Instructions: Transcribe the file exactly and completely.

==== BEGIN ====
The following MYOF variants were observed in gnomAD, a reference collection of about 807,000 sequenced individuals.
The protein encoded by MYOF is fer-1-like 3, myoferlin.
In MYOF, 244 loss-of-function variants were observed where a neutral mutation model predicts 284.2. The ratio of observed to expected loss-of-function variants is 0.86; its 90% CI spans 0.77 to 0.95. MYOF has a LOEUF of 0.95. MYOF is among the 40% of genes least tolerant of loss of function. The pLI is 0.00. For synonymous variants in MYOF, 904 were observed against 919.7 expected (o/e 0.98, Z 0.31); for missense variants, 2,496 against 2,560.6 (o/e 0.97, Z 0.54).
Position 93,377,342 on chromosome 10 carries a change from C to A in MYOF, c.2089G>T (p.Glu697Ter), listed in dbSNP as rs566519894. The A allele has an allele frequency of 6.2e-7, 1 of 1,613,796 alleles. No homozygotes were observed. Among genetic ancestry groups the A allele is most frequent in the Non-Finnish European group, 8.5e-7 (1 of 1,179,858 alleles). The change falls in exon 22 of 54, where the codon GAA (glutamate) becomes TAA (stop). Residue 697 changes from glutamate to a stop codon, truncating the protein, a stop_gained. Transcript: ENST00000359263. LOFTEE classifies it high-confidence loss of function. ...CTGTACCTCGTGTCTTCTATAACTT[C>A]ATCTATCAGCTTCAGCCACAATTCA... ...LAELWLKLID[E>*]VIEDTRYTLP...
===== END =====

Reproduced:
The following MYOF variants were observed in gnomAD, a reference collection of about 807,000 sequenced individuals.
The protein encoded by MYOF is fer-1-like 3, myoferlin.
In MYOF, 244 loss-of-function variants were observed where a neutral mutation model predicts 284.2. The ratio of observed to expected loss-of-function variants is 0.86; its 90% CI spans 0.77 to 0.95. MYOF has a LOEUF of 0.95. MYOF is among the 40% of genes least tolerant of loss of function. The pLI is 0.00. For synonymous variants in MYOF, 904 were observed against 919.7 expected (o/e 0.98, Z 0.31); for missense variants, 2,496 against 2,560.6 (o/e 0.97, Z 0.54).
Position 93,377,342 on chromosome 10 carries a change from C to A in MYOF, c.2089G>T (p.Glu697Ter), listed in dbSNP as rs566519894. The A allele has an allele frequency of 6.2e-7, 1 of 1,613,796 alleles. No homozygotes were observed. Among genetic ancestry groups the A allele is most frequent in the Non-Finnish European group, 8.5e-7 (1 of 1,179,858 alleles). The change falls in exon 22 of 54, where the codon GAA (glutamate) becomes TAA (stop). Residue 697 changes from glutamate to a stop codon, truncating the protein, a stop_gained. Transcript: ENST00000359263. LOFTEE classifies it high-confidence loss of function. ...CTGTACCTCGTGTCTTCTATAACTT[C>A]ATCTATCAGCTTCAGCCACAATTCA... ...LAELWLKLID[E>*]VIEDTRYTLP...